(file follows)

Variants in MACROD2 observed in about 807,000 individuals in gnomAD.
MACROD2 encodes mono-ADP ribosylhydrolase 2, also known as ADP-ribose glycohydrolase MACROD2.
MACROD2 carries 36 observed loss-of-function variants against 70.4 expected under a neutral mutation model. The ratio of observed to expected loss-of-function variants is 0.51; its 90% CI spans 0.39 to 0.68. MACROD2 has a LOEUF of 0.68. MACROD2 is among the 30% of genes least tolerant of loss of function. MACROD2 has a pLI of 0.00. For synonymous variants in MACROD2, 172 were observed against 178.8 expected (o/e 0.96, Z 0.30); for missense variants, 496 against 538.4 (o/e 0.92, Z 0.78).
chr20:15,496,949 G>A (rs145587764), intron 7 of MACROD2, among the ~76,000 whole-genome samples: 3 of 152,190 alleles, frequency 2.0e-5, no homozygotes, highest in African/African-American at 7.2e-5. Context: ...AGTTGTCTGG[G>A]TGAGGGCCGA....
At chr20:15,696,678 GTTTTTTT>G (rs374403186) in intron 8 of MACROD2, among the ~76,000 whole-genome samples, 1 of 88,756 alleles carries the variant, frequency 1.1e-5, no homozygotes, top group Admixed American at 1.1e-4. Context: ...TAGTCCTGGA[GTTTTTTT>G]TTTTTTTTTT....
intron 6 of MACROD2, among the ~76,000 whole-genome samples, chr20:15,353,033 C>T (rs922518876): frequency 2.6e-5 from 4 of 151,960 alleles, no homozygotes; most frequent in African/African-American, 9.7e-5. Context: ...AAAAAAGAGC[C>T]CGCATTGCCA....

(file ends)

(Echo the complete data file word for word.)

Variants in MACROD2 observed in about 807,000 individuals in gnomAD.
MACROD2 encodes mono-ADP ribosylhydrolase 2, also known as ADP-ribose glycohydrolase MACROD2.
MACROD2 carries 36 observed loss-of-function variants against 70.4 expected under a neutral mutation model. The ratio of observed to expected loss-of-function variants is 0.51; its 90% CI spans 0.39 to 0.68. MACROD2 has a LOEUF of 0.68. MACROD2 is among the 30% of genes least tolerant of loss of function. MACROD2 has a pLI of 0.00. For synonymous variants in MACROD2, 172 were observed against 178.8 expected (o/e 0.96, Z 0.30); for missense variants, 496 against 538.4 (o/e 0.92, Z 0.78).
chr20:15,496,949 G>A (rs145587764), intron 7 of MACROD2, among the ~76,000 whole-genome samples: 3 of 152,190 alleles, frequency 2.0e-5, no homozygotes, highest in African/African-American at 7.2e-5. Context: ...AGTTGTCTGG[G>A]TGAGGGCCGA....
At chr20:15,696,678 GTTTTTTT>G (rs374403186) in intron 8 of MACROD2, among the ~76,000 whole-genome samples, 1 of 88,756 alleles carries the variant, frequency 1.1e-5, no homozygotes, top group Admixed American at 1.1e-4. Context: ...TAGTCCTGGA[GTTTTTTT>G]TTTTTTTTTT....
intron 6 of MACROD2, among the ~76,000 whole-genome samples, chr20:15,353,033 C>T (rs922518876): frequency 2.6e-5 from 4 of 151,960 alleles, no homozygotes; most frequent in African/African-American, 9.7e-5. Context: ...AAAAAAGAGC[C>T]CGCATTGCCA....